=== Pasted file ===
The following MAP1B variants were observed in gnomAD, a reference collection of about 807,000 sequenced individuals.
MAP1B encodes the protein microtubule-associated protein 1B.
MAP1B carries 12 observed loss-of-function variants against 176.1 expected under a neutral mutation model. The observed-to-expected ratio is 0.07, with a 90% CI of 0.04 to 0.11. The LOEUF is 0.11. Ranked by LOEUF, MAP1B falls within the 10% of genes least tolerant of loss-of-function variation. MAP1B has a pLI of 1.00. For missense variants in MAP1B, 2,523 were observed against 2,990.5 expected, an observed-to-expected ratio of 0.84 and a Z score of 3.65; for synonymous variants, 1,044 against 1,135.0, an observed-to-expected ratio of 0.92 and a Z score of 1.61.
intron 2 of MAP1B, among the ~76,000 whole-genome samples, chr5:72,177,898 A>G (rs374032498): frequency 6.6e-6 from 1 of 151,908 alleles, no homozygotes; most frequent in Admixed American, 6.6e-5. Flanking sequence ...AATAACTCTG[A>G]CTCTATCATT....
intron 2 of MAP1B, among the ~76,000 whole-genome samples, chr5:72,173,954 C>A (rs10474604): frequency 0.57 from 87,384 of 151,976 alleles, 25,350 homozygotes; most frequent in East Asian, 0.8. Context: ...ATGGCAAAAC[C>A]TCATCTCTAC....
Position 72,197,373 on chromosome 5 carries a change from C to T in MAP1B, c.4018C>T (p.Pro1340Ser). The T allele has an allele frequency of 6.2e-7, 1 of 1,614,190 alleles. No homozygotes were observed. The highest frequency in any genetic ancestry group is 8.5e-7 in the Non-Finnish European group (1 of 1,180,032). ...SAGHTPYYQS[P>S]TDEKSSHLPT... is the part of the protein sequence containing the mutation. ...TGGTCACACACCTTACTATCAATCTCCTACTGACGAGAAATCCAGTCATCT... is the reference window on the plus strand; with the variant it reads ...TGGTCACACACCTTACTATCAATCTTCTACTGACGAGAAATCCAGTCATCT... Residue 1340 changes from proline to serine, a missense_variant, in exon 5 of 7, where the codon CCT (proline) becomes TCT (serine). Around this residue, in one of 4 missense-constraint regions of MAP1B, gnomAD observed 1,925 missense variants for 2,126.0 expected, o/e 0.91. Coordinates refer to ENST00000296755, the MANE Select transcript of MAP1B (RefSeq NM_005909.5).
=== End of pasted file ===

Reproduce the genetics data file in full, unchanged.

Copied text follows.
The following MAP1B variants were observed in gnomAD, a reference collection of about 807,000 sequenced individuals.
MAP1B encodes the protein microtubule-associated protein 1B.
MAP1B carries 12 observed loss-of-function variants against 176.1 expected under a neutral mutation model. The observed-to-expected ratio is 0.07, with a 90% CI of 0.04 to 0.11. The LOEUF is 0.11. Ranked by LOEUF, MAP1B falls within the 10% of genes least tolerant of loss-of-function variation. MAP1B has a pLI of 1.00. For missense variants in MAP1B, 2,523 were observed against 2,990.5 expected, an observed-to-expected ratio of 0.84 and a Z score of 3.65; for synonymous variants, 1,044 against 1,135.0, an observed-to-expected ratio of 0.92 and a Z score of 1.61.
intron 2 of MAP1B, among the ~76,000 whole-genome samples, chr5:72,177,898 A>G (rs374032498): frequency 6.6e-6 from 1 of 151,908 alleles, no homozygotes; most frequent in Admixed American, 6.6e-5. Flanking sequence ...AATAACTCTG[A>G]CTCTATCATT....
intron 2 of MAP1B, among the ~76,000 whole-genome samples, chr5:72,173,954 C>A (rs10474604): frequency 0.57 from 87,384 of 151,976 alleles, 25,350 homozygotes; most frequent in East Asian, 0.8. Context: ...ATGGCAAAAC[C>A]TCATCTCTAC....
Position 72,197,373 on chromosome 5 carries a change from C to T in MAP1B, c.4018C>T (p.Pro1340Ser). The T allele has an allele frequency of 6.2e-7, 1 of 1,614,190 alleles. No homozygotes were observed. The highest frequency in any genetic ancestry group is 8.5e-7 in the Non-Finnish European group (1 of 1,180,032). ...SAGHTPYYQS[P>S]TDEKSSHLPT... is the part of the protein sequence containing the mutation. ...TGGTCACACACCTTACTATCAATCTCCTACTGACGAGAAATCCAGTCATCT... is the reference window on the plus strand; with the variant it reads ...TGGTCACACACCTTACTATCAATCTTCTACTGACGAGAAATCCAGTCATCT... Residue 1340 changes from proline to serine, a missense_variant, in exon 5 of 7, where the codon CCT (proline) becomes TCT (serine). Around this residue, in one of 4 missense-constraint regions of MAP1B, gnomAD observed 1,925 missense variants for 2,126.0 expected, o/e 0.91. Coordinates refer to ENST00000296755, the MANE Select transcript of MAP1B (RefSeq NM_005909.5).